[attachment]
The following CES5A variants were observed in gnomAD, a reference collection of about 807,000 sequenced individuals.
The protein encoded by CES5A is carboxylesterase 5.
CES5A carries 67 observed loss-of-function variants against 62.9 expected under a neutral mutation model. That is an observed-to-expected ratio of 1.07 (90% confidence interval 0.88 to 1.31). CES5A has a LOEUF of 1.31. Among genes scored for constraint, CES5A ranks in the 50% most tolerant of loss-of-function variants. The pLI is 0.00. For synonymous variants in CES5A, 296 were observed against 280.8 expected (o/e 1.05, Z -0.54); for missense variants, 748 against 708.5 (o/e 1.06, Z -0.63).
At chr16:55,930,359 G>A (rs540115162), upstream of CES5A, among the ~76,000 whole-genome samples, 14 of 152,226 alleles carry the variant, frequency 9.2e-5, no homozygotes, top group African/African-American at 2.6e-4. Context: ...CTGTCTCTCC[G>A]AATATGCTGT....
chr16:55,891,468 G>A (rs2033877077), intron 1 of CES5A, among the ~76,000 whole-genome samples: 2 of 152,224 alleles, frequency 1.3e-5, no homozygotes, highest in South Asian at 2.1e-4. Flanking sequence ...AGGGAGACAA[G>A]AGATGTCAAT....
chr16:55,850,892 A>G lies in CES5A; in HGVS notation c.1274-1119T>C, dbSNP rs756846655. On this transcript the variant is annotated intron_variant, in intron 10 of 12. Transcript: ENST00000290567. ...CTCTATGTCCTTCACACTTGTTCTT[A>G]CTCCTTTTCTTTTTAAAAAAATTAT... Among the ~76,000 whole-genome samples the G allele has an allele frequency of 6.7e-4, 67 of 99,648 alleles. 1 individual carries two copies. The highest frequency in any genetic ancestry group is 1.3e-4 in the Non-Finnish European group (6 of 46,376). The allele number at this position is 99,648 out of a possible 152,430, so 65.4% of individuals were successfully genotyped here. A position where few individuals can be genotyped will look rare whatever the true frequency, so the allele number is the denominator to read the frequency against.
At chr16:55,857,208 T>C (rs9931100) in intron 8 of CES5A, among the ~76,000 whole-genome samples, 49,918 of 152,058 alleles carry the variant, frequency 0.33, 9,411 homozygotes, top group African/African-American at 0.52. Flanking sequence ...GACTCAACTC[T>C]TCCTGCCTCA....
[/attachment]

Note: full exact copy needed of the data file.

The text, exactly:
The following CES5A variants were observed in gnomAD, a reference collection of about 807,000 sequenced individuals.
The protein encoded by CES5A is carboxylesterase 5.
CES5A carries 67 observed loss-of-function variants against 62.9 expected under a neutral mutation model. That is an observed-to-expected ratio of 1.07 (90% confidence interval 0.88 to 1.31). CES5A has a LOEUF of 1.31. Among genes scored for constraint, CES5A ranks in the 50% most tolerant of loss-of-function variants. The pLI is 0.00. For synonymous variants in CES5A, 296 were observed against 280.8 expected (o/e 1.05, Z -0.54); for missense variants, 748 against 708.5 (o/e 1.06, Z -0.63).
At chr16:55,930,359 G>A (rs540115162), upstream of CES5A, among the ~76,000 whole-genome samples, 14 of 152,226 alleles carry the variant, frequency 9.2e-5, no homozygotes, top group African/African-American at 2.6e-4. Context: ...CTGTCTCTCC[G>A]AATATGCTGT....
chr16:55,891,468 G>A (rs2033877077), intron 1 of CES5A, among the ~76,000 whole-genome samples: 2 of 152,224 alleles, frequency 1.3e-5, no homozygotes, highest in South Asian at 2.1e-4. Flanking sequence ...AGGGAGACAA[G>A]AGATGTCAAT....
chr16:55,850,892 A>G lies in CES5A; in HGVS notation c.1274-1119T>C, dbSNP rs756846655. On this transcript the variant is annotated intron_variant, in intron 10 of 12. Transcript: ENST00000290567. ...CTCTATGTCCTTCACACTTGTTCTT[A>G]CTCCTTTTCTTTTTAAAAAAATTAT... Among the ~76,000 whole-genome samples the G allele has an allele frequency of 6.7e-4, 67 of 99,648 alleles. 1 individual carries two copies. The highest frequency in any genetic ancestry group is 1.3e-4 in the Non-Finnish European group (6 of 46,376). The allele number at this position is 99,648 out of a possible 152,430, so 65.4% of individuals were successfully genotyped here. A position where few individuals can be genotyped will look rare whatever the true frequency, so the allele number is the denominator to read the frequency against.
At chr16:55,857,208 T>C (rs9931100) in intron 8 of CES5A, among the ~76,000 whole-genome samples, 49,918 of 152,058 alleles carry the variant, frequency 0.33, 9,411 homozygotes, top group African/African-American at 0.52. Flanking sequence ...GACTCAACTC[T>C]TCCTGCCTCA....